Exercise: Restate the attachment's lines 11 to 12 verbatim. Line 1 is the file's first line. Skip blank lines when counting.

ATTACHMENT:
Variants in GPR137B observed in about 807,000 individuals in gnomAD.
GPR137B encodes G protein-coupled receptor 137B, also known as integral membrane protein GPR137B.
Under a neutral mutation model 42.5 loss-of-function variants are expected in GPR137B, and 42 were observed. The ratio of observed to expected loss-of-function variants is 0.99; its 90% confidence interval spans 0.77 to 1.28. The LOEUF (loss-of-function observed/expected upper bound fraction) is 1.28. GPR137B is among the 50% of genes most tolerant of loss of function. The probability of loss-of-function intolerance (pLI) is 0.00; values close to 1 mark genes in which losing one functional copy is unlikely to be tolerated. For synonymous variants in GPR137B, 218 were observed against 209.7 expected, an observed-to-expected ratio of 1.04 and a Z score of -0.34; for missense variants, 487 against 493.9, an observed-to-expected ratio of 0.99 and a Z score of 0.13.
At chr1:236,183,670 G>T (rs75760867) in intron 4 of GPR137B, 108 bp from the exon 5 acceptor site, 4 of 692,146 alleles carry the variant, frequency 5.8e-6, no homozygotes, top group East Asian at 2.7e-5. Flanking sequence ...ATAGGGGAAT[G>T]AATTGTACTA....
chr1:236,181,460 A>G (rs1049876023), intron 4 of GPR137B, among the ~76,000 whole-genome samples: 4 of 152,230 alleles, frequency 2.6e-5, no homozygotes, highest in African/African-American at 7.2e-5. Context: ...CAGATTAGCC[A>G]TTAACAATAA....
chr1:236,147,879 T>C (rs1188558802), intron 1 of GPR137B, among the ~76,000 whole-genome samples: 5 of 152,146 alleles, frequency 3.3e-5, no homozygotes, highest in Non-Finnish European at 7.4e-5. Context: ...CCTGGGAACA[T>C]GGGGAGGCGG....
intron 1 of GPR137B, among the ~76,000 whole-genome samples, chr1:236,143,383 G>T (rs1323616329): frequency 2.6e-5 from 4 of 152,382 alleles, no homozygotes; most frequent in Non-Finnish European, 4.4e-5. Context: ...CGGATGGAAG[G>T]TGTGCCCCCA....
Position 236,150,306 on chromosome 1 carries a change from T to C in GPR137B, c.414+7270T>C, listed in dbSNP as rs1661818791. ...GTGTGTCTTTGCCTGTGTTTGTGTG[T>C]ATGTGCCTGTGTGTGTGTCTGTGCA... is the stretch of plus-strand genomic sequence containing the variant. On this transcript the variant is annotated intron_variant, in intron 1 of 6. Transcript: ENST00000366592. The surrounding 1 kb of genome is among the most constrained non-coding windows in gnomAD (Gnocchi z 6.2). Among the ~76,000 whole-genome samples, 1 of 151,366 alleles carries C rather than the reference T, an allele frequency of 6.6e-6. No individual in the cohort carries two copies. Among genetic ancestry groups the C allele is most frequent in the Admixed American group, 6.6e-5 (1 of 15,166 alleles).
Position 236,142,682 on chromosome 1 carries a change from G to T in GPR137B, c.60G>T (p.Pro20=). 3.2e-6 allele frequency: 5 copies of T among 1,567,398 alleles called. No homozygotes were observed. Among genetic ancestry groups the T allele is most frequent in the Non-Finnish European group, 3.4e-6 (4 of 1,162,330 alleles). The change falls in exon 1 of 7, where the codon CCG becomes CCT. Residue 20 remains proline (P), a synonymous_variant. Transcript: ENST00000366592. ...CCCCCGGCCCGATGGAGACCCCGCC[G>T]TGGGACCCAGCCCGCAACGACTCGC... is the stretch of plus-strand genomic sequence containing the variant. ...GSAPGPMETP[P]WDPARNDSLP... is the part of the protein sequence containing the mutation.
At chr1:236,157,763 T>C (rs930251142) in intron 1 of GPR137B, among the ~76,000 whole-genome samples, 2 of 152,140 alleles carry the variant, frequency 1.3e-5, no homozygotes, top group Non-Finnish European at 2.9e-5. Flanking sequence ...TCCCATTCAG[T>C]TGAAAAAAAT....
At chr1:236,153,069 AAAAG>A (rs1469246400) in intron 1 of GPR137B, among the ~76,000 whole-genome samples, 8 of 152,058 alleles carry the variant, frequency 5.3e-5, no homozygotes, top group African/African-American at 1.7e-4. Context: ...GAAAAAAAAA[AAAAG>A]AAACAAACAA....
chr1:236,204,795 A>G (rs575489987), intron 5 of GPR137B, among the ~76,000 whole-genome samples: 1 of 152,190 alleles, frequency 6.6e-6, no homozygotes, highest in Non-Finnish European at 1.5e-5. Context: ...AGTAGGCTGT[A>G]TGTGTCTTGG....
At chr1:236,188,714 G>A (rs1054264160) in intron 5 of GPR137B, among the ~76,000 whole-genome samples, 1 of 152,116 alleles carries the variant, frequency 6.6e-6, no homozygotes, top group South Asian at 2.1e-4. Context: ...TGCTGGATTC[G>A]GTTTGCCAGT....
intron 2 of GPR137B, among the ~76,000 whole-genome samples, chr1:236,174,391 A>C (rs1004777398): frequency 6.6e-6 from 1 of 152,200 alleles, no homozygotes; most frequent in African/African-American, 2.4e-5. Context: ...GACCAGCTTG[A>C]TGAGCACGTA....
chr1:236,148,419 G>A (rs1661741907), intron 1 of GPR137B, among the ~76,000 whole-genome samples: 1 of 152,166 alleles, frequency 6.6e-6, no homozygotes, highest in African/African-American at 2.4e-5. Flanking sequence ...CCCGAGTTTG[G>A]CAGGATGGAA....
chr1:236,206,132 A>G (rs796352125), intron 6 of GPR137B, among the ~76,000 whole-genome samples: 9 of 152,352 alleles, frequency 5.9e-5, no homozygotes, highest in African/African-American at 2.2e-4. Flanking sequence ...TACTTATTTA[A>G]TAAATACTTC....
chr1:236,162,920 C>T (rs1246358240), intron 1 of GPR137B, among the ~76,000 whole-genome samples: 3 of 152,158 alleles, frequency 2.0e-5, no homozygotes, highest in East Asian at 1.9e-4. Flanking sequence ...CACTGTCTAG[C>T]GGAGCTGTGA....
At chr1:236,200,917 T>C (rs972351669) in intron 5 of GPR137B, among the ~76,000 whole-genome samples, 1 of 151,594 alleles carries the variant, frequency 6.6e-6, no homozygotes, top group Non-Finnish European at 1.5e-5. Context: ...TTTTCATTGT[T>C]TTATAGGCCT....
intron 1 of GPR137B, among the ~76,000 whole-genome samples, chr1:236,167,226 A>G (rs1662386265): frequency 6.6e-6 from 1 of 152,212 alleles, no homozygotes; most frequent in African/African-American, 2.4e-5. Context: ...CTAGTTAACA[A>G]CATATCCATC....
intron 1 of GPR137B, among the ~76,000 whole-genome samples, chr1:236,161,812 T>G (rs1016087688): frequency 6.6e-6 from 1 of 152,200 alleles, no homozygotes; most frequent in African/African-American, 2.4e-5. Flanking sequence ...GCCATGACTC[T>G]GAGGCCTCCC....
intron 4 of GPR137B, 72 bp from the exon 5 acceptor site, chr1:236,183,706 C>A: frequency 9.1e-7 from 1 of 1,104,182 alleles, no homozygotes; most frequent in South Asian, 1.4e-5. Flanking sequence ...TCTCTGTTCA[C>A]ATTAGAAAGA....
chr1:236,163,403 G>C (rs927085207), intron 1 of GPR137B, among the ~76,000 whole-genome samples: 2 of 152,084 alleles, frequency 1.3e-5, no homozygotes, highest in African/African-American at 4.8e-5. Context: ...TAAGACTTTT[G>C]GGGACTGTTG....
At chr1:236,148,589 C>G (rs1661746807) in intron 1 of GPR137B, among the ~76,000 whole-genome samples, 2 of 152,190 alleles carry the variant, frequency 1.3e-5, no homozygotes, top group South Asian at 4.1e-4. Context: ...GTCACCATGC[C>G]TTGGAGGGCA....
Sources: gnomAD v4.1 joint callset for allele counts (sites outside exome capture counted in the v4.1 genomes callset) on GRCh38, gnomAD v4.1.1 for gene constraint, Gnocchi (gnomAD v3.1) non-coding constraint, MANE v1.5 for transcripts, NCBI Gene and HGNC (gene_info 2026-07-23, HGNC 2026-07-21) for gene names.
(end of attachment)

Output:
At chr1:236,153,069 AAAAG>A (rs1469246400) in intron 1 of GPR137B, among the ~76,000 whole-genome samples, 8 of 152,058 alleles carry the variant, frequency 5.3e-5, no homozygotes, top group African/African-American at 1.7e-4. Context: ...GAAAAAAAAA[AAAAG>A]AAACAAACAA....
chr1:236,204,795 A>G (rs575489987), intron 5 of GPR137B, among the ~76,000 whole-genome samples: 1 of 152,190 alleles, frequency 6.6e-6, no homozygotes, highest in Non-Finnish European at 1.5e-5. Context: ...AGTAGGCTGT[A>G]TGTGTCTTGG....